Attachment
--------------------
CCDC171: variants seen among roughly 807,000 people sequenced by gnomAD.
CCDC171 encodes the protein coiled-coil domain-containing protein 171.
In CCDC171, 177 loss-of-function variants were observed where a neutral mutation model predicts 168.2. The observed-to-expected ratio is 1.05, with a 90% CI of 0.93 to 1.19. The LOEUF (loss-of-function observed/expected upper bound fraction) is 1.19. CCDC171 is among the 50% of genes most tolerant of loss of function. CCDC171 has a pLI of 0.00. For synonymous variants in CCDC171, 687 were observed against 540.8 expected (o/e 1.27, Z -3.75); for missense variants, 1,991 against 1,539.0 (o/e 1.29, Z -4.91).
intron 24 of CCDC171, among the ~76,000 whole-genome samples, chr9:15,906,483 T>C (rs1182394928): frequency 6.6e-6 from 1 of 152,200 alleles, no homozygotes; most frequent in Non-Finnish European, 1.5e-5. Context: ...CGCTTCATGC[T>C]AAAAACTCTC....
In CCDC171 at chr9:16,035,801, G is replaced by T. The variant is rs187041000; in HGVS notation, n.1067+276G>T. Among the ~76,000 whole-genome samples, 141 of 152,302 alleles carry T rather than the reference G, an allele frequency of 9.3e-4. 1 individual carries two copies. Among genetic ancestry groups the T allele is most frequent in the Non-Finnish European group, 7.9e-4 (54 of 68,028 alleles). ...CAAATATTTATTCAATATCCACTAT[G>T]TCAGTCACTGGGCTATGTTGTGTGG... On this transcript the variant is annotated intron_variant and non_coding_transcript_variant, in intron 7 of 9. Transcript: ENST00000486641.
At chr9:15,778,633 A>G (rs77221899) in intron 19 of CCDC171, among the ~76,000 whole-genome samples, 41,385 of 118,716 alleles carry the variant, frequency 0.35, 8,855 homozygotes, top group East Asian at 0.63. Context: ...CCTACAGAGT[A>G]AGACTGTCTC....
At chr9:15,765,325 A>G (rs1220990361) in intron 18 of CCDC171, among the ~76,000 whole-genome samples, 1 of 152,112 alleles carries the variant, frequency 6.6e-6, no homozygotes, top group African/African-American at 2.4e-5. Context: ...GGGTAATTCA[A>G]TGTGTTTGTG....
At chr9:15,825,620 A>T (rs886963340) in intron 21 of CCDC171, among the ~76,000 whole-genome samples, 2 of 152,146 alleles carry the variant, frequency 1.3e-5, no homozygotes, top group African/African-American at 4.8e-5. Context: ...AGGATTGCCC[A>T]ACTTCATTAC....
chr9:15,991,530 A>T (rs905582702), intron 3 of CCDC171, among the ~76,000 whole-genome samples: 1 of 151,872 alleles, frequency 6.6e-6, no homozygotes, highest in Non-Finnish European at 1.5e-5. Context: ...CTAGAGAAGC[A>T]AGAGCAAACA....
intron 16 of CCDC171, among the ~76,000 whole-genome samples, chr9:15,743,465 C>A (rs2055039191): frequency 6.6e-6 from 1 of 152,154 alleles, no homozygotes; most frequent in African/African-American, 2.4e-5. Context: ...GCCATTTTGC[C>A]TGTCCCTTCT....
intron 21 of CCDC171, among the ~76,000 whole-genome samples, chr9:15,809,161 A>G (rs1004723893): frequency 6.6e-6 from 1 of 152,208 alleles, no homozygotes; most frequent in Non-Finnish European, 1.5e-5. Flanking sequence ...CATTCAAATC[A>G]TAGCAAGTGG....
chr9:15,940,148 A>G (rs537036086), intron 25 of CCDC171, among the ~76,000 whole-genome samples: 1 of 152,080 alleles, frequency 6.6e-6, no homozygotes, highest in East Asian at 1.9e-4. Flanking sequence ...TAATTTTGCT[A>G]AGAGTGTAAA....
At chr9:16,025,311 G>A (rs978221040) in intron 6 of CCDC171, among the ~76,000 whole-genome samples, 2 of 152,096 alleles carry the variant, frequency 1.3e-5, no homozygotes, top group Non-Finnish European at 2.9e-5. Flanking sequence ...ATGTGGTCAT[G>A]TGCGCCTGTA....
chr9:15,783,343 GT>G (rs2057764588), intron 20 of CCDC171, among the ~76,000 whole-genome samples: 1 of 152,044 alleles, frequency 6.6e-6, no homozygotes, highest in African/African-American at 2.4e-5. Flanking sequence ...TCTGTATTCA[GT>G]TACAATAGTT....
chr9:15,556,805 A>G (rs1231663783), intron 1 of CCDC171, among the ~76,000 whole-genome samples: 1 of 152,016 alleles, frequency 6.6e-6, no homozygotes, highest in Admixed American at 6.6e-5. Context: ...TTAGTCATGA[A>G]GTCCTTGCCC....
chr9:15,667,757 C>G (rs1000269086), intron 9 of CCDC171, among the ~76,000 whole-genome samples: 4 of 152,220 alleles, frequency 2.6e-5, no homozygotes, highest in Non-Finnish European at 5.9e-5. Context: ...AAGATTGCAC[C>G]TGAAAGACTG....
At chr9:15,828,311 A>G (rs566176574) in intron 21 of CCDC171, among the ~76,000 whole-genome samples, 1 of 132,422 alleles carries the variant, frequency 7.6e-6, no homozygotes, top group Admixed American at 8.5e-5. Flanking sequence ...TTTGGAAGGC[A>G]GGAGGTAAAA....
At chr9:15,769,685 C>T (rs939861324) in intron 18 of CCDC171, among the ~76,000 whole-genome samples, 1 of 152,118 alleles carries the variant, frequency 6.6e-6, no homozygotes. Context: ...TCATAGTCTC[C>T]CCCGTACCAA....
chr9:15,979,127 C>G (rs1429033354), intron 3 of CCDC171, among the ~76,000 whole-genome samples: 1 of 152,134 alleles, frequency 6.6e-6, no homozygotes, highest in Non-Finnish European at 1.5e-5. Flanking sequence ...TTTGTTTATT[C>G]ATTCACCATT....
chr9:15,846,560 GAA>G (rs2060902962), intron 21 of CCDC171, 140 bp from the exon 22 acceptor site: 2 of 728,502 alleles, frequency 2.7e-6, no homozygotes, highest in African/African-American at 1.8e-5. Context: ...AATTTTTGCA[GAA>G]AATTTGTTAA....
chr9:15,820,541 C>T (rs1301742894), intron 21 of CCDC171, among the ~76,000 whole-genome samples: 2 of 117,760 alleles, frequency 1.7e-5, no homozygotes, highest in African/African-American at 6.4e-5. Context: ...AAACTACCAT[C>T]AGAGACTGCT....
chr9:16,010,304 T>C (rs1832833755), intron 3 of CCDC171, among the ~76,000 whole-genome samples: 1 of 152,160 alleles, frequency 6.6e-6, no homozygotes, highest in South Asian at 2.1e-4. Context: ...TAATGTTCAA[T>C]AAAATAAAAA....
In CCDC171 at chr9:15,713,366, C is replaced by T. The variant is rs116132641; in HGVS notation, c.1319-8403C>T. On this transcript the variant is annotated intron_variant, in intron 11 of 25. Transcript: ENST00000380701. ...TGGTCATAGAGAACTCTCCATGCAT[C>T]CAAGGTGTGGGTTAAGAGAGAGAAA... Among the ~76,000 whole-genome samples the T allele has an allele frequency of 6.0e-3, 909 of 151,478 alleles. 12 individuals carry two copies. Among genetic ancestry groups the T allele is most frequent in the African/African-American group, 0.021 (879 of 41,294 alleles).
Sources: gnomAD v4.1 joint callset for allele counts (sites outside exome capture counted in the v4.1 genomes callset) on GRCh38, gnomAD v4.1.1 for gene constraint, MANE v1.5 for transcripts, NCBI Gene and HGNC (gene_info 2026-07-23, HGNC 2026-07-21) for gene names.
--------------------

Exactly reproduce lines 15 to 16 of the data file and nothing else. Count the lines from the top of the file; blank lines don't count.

chr9:15,556,805 A>G (rs1231663783), intron 1 of CCDC171, among the ~76,000 whole-genome samples: 1 of 152,016 alleles, frequency 6.6e-6, no homozygotes, highest in Admixed American at 6.6e-5. Context: ...TTAGTCATGA[A>G]GTCCTTGCCC....
chr9:15,667,757 C>G (rs1000269086), intron 9 of CCDC171, among the ~76,000 whole-genome samples: 4 of 152,220 alleles, frequency 2.6e-5, no homozygotes, highest in Non-Finnish European at 5.9e-5. Context: ...AAGATTGCAC[C>G]TGAAAGACTG....